The event runs from Sunday 12 October through to Wednesday 15 October

Registered and ready to go: TMR+ will be posting highlights from COMS 2014

The full COMS 2014 programme is available online and I’d encourage you to come along to the conference if you’re in the area on Monday 13th, Tuesday 14th or Wednesday 15th of October.

Show report
If you’re unable to attend, but still want to follow the meeting then register for updates on TMR+ as we’ll be posting a show report for COMS 2014. It’s easy to sign up, just look for the “subscribe to email alerts” box on TMR+.

Lightning lab to offer full waveform testing by end 2014

Aerospace is a prime destination for materials that are both light and strong, but that’s only part of the story. Translating promising materials into production aircraft brings additional selection criteria into play such as the ability to survive lightning strikes. To find out more, TMR+ visited the Morgan-Botti Lightning Laboratory in Cardiff, Wales – one of the world’s leading facilities in this area.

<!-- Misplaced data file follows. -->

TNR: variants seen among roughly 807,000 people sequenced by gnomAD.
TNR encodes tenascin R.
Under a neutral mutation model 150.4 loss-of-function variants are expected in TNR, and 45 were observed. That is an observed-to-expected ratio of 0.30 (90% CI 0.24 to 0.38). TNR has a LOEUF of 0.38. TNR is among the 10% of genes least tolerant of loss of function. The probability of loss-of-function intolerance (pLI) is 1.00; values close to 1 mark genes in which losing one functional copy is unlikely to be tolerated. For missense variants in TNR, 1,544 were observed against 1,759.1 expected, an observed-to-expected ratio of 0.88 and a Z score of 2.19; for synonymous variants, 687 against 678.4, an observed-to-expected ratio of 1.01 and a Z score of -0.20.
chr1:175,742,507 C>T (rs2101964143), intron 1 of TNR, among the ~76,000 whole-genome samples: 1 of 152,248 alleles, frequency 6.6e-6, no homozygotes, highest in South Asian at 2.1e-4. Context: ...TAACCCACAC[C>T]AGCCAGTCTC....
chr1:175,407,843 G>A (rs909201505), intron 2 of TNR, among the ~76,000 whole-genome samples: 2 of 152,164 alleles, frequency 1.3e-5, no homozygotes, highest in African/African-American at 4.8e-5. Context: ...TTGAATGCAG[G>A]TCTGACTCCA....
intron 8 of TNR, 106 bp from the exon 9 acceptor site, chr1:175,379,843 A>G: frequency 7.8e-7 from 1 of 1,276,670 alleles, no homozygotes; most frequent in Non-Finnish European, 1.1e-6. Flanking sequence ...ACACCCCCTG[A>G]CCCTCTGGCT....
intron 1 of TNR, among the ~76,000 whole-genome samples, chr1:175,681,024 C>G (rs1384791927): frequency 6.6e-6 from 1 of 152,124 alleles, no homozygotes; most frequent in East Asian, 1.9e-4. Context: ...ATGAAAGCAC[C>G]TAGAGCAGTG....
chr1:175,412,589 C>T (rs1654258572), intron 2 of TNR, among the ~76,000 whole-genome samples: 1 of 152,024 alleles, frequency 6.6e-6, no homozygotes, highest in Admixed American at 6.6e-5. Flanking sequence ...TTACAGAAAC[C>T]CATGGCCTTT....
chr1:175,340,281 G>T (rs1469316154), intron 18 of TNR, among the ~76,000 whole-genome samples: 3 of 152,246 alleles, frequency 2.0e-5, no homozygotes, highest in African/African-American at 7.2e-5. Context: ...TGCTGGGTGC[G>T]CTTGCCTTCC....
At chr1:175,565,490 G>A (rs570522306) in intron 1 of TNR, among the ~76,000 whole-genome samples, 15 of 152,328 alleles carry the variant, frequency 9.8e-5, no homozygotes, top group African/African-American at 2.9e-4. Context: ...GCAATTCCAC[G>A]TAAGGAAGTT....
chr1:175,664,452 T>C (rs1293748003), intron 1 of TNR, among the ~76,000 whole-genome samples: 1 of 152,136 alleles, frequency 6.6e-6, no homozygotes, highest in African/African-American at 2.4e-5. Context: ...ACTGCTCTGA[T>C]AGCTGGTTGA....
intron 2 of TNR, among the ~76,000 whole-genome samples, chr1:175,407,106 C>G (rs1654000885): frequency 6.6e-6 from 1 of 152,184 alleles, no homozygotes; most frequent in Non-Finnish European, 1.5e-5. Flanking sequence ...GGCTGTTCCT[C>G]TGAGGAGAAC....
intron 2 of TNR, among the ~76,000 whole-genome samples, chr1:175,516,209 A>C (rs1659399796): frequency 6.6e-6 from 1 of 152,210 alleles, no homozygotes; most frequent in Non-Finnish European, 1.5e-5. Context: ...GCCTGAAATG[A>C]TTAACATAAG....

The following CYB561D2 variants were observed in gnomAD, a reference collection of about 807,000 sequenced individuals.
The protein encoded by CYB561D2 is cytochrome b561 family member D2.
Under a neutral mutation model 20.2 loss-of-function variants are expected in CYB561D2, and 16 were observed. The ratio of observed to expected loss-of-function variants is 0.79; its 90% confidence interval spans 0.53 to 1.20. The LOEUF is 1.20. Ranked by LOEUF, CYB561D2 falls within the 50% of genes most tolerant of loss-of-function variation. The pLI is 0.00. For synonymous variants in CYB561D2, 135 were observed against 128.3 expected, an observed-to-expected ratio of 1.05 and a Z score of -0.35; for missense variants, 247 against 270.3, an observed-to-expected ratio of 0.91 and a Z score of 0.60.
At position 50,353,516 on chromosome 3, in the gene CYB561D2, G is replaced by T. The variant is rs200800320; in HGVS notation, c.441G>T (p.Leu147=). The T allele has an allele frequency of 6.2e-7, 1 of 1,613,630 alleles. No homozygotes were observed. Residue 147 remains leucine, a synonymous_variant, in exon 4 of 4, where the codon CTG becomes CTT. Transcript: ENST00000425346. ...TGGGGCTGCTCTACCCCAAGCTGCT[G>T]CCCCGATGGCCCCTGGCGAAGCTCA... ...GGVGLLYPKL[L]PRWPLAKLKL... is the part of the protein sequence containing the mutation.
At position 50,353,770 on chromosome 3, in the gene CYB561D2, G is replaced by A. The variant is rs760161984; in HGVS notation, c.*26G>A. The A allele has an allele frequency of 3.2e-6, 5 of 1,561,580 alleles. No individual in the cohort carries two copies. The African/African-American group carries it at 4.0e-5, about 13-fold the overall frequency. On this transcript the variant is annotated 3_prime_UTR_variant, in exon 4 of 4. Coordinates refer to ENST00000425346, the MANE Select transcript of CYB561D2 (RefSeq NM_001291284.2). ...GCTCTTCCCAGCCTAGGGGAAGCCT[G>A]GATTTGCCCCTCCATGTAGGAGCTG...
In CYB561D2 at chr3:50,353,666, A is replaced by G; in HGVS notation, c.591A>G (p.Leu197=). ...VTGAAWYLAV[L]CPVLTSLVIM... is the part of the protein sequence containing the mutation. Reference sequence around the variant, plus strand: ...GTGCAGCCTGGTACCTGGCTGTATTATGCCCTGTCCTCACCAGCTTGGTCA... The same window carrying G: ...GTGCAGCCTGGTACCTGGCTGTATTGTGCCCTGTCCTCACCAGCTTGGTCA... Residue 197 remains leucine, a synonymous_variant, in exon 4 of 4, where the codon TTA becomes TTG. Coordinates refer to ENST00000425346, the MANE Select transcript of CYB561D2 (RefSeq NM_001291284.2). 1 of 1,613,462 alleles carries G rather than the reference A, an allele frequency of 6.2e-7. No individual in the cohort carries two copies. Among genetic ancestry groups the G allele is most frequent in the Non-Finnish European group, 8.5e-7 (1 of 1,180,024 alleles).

Zap: high-speed video stills showing a composite panel under test. Credit: Morgan-Botti Lightning lab.

Zap: high-speed video stills showing a carbon composite panel under test. Credit: Morgan-Botti Lightning lab.

The primary focus of the £1.6 million centre, which was set up by Cardiff University in collaboration with AIRBUS Group Innovations, is on the electromechanical characterization of carbon composites, and its goal is to understand and develop safer and more lightning resilient materials.

Using banks of giant capacitors and resistor stacks, the custom-built lab can generate lightning strikes based on protocols such as the EUROCAE ED-84 Aircraft Lightning Environment and Related Test Waveform Standard.

Hot spots